In this fallen world to love anything is to risk pain and loss. When we put our hearts in something we are by that act opening our hearts to the severity of grief. It might be thought that we should only give our hearts, our love only to God because He is the one who will truly satisfy, one who will truly never change. But we follow One who gave His life to gain our love. Yet instead of falling at his knees and embracing the love he extends, we rejected His love. And yet He shows his love for us in that while we are still sinners He dies for us. Far from merely experiencing heartbreak for us rejecting His love, He surrendered himself to death to reconcile us and establish the ability for us to love Him. Thus, we do not have insurances against heartbreak:
There is no safe investment. [Like Christ shows us as he weeps over Jerusalem and also in the garden of Gethsemane] To love at all is to be vulnerable. Love anything, and your heart will certainly be wrung and possibly be broken. If you want to make sure of keeping it intact, you must give your heart to no one, not even to an animal. Wrap it carefully round with hobbies and little luxuries; avoid all entanglements; lock it up safe in the casket or coffin of your selfishness. But in that casket—safe, dark, motionless, airless—it will change. It will not be broken; it will become unbreakable, impenetrable, irredeemable. The alternative to tragedy, or at least to the risk of tragedy, is damnation. The only place outside Heaven where you can be perfectly safe from all dangers and perturbations of love is Hell. (Lewis, The Four Loves).
When Christianity says that God loves man, it means that God loves man: not that He has some ‘disinterested’, because really indifferent, concern for our welfare, but that, in awful and surprising truth, we are the objects of His love. You asked for a loving God: you have one. The great spirit you so lightly invoked, the ‘lord of terrible aspect’, is present: not a senile benevolence that drowsily wishes you to be happy in your own way, not the cold philanthropy of a conscientious magistrate, nor the care of a host who feels responsible for the comfort of his guests, but the consuming fire Himself, the Love that made the worlds, persistent as the artists’ love for his work and despotic as a man’s love for a dog, provident and venerable as a father’s love for a child, jealous, inexorable, exacting as love between the sexes…it passes reason to explain why any creatures, not to say creatures such as we, should have a value so prodigious in their Creator’s eyes. It is certainly a burden of glory not only beyond our deserts but also, except in rare moments of grace, beyond our desiring…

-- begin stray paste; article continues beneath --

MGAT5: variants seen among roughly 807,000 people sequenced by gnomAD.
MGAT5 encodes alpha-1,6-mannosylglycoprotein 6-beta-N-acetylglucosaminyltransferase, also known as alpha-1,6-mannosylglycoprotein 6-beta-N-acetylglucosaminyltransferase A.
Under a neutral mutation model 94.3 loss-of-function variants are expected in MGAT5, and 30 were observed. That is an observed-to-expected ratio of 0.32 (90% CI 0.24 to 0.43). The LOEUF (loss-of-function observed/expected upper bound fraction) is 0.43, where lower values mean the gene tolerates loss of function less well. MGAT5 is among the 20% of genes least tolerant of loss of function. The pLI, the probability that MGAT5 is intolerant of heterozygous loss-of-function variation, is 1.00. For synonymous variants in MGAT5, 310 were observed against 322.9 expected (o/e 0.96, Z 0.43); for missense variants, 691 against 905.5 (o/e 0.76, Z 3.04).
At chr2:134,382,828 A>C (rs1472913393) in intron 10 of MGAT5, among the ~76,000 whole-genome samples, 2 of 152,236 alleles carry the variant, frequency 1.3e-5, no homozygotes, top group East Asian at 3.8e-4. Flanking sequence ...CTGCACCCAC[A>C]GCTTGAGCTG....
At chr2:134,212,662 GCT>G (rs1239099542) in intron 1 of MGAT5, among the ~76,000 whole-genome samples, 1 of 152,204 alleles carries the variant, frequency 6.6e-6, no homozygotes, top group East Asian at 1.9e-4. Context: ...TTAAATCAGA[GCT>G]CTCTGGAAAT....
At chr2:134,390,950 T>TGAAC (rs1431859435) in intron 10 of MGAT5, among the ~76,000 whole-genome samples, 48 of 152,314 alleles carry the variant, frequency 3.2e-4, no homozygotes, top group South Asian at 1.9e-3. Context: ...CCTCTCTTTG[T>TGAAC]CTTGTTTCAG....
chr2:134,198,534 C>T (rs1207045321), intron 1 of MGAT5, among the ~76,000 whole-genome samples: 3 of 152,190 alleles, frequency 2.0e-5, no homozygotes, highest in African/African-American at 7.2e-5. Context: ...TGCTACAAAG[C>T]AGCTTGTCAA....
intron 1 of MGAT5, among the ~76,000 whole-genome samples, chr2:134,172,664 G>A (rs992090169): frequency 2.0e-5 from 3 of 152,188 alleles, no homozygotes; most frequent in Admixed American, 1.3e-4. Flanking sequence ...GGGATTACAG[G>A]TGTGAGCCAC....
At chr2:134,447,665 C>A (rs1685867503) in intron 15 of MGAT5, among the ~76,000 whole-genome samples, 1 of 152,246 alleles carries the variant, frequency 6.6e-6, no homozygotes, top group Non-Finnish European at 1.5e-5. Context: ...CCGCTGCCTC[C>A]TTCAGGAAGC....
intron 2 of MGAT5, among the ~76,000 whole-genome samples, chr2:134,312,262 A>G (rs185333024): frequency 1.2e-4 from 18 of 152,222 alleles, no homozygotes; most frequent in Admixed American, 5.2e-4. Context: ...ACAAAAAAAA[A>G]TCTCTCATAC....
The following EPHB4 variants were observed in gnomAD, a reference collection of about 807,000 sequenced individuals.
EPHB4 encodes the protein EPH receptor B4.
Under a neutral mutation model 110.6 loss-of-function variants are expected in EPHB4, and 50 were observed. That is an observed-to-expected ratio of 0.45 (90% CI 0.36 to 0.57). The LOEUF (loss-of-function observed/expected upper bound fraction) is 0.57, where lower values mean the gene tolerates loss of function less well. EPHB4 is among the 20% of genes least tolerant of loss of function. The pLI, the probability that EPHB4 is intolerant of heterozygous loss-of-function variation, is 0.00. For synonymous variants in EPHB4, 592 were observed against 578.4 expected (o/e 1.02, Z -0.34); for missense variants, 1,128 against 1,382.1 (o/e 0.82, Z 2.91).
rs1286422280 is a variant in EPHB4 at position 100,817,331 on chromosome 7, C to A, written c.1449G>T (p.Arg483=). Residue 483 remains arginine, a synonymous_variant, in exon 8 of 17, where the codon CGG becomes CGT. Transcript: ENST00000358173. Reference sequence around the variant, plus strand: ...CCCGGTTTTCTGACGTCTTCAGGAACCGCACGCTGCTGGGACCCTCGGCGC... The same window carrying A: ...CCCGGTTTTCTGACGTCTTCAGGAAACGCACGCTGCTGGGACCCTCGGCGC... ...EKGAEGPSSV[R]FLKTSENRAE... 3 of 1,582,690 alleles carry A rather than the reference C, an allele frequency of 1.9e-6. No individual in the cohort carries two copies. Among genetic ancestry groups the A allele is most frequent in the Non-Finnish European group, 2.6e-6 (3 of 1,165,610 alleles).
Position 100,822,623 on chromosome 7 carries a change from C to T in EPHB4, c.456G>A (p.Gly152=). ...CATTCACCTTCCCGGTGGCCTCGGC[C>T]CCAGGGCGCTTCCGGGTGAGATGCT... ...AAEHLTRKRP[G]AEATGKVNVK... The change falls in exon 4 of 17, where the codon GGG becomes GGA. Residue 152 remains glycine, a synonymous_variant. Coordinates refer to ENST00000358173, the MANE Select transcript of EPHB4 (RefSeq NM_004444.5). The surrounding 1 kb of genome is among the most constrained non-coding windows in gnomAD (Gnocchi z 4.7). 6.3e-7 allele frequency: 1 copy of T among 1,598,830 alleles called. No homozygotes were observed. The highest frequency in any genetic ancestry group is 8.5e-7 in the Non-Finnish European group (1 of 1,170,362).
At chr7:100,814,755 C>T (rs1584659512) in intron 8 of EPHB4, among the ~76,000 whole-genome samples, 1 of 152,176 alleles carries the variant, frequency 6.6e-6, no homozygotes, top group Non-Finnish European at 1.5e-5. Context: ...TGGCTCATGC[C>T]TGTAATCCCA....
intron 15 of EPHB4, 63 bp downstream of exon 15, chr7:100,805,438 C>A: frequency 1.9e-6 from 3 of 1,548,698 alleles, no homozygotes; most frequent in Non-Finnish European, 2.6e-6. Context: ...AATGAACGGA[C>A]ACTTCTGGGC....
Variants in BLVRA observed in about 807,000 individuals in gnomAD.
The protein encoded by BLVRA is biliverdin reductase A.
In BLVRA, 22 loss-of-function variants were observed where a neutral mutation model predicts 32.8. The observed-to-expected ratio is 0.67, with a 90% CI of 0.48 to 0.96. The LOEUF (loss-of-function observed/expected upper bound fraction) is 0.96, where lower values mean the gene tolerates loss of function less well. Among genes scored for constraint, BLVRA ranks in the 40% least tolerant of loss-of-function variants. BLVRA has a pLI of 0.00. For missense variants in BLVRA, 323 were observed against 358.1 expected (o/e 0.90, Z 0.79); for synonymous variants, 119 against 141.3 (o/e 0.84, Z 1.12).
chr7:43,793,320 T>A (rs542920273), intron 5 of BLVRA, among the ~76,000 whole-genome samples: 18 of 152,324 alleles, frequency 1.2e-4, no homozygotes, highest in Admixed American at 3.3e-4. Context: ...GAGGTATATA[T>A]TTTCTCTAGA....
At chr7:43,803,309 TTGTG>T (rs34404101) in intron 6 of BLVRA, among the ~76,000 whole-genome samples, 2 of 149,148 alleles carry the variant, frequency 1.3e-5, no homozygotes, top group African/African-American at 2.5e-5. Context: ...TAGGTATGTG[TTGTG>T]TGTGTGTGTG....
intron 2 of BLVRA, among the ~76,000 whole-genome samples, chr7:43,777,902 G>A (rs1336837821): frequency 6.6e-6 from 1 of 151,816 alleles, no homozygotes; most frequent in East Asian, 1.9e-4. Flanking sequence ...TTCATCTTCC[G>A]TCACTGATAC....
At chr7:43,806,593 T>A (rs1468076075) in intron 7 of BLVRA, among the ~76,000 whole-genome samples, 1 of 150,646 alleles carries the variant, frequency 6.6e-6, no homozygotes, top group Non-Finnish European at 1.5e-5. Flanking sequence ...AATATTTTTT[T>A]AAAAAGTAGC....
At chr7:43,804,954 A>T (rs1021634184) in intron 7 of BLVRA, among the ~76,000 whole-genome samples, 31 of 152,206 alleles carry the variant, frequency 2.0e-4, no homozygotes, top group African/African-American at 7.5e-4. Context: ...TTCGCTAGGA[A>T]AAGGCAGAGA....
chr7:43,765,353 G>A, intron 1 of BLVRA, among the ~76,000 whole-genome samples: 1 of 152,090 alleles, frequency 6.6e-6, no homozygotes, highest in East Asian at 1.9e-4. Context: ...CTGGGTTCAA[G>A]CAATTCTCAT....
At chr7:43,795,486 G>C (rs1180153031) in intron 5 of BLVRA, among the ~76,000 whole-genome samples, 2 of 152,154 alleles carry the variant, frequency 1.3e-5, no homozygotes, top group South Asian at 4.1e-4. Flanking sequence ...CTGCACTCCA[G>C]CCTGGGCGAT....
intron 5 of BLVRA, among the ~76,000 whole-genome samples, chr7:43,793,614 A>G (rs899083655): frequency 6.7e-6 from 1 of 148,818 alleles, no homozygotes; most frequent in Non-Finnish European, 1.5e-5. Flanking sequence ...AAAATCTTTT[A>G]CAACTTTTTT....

for we are, not metaphorically, but in very truth a Divine work of art, something that God is making, and therefore something with which He will not be satisfied until it has a certain character…it is natural for us to wish that God has designed for us a less glorious and less arduous [painful] destiny; but then we are wishing not for more love but for less.
God whispers to us in our pleasures, speaks in our conscience, but shouts in our pain: it is His megaphone to rouse a deaf word (Lewis, the Problem of Pain).